The impact of the April 20th Deepwater Horizon explosion continues to reverberate as its resulting oil spill expands across the Southern Gulf. Initial lawsuits were soon filed on behalf of BP and Transocean workers killed or maimed in the explosion. In early May, a proposed class action lawsuit was filed in the U.S. District Court in Birmingham on behalf of property owners, including a Shelby, Alabama man and a Jefferson County company whose properties in Gulf Shores lie directly in the path of the oncoming slick.
As reported in the May 5th edition of the Birmingham News, the lawsuit brought by property owners accuse BP et al of negligence in poorly assessing and containing the damage of the ensuing spill. Moreover, BP is also accused of intentionally downplaying the anticipated effects of the spill in its media statements. The lawsuit alleges that BP’s actions following the spill are factors in the subsequent decline of tourism and property values in the affected regions.
The Gulf Coast economy has long been dependent on tourism as well as regional industries such as fishing and crab and oyster harvesting. A spokesperson for the legal firm who has filed the lawsuit stated that rental cancellations have begun in the wake of the disaster. Other class action lawsuits allege that the physical damage to local ecosystems threatens the livelihoods of commercial fishermen. Property management companies, as well as the tourist industry, are alleged to have already suffered economically from the BP oil slick.
With world-famous shore front properties and mild, pleasant weather year-round, the oil spill could impact local industry not just in the typically busy summer season, but for years to come. Commercial fishing is attempting to salvage what it can of the season’s catch before the slick reaches land. Hotel and resort owners note with dismay media reporting of the expanding spill, while soothing reservation holders with reminders that the slick has not yet reached the coast. Local tourism officials do wonder aloud whether anyone will want to travel to the region’s beaches should they be encased in hazardous sludge.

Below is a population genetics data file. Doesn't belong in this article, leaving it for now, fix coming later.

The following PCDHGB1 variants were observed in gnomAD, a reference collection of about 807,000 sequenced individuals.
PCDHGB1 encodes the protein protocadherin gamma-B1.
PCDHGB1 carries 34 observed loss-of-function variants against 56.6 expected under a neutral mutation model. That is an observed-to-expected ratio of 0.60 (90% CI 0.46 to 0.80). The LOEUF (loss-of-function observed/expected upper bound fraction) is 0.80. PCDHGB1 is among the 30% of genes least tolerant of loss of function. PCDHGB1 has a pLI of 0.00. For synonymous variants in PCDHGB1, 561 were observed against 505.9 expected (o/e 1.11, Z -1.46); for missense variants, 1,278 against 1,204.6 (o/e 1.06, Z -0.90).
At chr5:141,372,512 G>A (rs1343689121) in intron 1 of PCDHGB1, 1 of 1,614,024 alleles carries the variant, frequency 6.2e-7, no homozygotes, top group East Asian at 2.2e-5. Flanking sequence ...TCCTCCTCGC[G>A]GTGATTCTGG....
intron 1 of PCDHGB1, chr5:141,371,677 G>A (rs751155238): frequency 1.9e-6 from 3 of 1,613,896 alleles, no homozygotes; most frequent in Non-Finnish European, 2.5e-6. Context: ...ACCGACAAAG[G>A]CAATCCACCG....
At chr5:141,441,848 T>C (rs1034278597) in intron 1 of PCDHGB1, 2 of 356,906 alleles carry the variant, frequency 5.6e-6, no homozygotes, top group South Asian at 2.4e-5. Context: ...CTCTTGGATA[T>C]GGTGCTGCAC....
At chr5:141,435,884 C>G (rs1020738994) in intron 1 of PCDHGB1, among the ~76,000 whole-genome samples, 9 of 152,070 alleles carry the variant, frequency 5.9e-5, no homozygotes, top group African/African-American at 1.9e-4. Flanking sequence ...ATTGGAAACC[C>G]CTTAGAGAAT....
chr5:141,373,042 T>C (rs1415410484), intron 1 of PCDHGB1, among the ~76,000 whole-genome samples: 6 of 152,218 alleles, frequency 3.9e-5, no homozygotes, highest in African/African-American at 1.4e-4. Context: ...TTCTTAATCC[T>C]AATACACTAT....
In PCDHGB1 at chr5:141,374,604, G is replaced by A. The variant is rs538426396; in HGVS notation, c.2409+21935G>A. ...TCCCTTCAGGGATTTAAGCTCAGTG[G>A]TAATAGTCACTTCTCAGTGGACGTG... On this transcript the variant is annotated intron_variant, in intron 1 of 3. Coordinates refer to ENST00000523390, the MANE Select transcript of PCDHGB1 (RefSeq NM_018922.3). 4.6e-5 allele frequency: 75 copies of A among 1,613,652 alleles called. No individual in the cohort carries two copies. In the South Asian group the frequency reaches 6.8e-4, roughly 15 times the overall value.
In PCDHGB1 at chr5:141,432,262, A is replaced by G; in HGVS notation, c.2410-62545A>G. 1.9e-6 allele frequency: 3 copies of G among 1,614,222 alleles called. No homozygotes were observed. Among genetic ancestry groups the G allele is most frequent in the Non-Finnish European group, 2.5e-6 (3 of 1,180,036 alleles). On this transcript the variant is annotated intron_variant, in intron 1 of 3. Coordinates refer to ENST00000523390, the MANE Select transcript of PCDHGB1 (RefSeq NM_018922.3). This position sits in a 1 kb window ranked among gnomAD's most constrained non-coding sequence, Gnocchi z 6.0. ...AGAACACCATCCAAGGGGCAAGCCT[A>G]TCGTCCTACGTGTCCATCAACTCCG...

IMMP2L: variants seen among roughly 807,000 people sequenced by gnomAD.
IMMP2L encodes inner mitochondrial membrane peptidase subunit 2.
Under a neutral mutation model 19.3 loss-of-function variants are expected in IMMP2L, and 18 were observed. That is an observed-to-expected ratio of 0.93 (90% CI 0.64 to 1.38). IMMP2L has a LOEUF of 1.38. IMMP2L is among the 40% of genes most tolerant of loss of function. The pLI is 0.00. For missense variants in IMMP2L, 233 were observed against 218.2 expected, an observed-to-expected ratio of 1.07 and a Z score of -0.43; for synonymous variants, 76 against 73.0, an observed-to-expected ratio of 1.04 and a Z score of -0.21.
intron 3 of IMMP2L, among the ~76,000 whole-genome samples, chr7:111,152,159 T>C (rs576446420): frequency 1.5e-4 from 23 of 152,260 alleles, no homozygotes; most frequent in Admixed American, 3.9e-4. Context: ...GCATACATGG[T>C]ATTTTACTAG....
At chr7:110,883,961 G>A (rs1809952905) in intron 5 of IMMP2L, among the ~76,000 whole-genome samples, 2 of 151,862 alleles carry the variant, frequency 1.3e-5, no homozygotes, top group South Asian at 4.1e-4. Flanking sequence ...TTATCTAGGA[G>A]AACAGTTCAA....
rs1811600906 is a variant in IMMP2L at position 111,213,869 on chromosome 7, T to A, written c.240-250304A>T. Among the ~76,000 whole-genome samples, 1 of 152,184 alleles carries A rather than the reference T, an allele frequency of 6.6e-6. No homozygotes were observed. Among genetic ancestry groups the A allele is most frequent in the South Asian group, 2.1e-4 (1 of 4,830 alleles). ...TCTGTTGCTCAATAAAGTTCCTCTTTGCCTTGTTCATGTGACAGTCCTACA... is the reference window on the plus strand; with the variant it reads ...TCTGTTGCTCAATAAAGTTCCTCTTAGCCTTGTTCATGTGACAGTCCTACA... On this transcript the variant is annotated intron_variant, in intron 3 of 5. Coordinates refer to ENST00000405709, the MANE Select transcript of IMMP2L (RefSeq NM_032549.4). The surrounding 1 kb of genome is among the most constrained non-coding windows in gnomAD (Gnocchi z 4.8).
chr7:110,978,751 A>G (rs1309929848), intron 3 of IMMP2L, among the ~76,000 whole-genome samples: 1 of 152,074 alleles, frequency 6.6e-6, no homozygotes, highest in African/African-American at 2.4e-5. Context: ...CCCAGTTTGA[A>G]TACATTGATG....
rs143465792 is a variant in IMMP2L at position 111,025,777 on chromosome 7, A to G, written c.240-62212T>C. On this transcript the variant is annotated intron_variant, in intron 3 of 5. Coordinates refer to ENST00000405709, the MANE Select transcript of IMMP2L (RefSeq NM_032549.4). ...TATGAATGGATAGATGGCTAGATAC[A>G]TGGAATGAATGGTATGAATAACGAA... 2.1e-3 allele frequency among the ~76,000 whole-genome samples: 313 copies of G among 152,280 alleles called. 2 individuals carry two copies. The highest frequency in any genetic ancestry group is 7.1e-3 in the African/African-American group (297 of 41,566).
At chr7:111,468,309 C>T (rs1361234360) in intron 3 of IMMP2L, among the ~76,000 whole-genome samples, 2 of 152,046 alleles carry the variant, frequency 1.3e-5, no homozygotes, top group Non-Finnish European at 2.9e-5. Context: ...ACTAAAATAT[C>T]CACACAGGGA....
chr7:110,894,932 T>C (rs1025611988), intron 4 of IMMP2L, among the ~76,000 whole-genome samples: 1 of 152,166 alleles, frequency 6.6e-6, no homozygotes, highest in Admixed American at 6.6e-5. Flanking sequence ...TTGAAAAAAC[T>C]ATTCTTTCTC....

Indeed, the encroaching oil represents a health risk to tourist and resident alike. Many recall that the volunteers who participated in the cleanup after the 1989 Exxon Valdez oil spill suffered for years afterward a variety of healthy ailments directly related to the cleanup. Those volunteering in the BP cleanup are advised to take precautions in dealing with the potentially toxic oil. Skin, respiratory, and other maladies may result from direct contact with oil.
At present, thousands of lawsuits have been filed by plaintiffs in neighboring states, including Texas, Louisiana, Mississippi and Florida. Marinas, restaurants, and boat dealerships have also filed individual lawsuits against BP Products North America Inc., Transocean Ltd., and other subsidiary companies and contractors.
The Birmingham lawsuit has been proposed as a class-action suit in order to protect the rights of the numerous individual plaintiffs this oil slick is expected to affect adversely.
If you own or operate property or a business that has been affected by the BP oil spill in the Gulf of Mexico, contact Newsome Law Firm and fill out a case evaluation form today. Our team of attorneys has experience specific to complications associated with environmental disasters. Not only can they give you the legal guidance you need, they can help you get the compensation you deserve.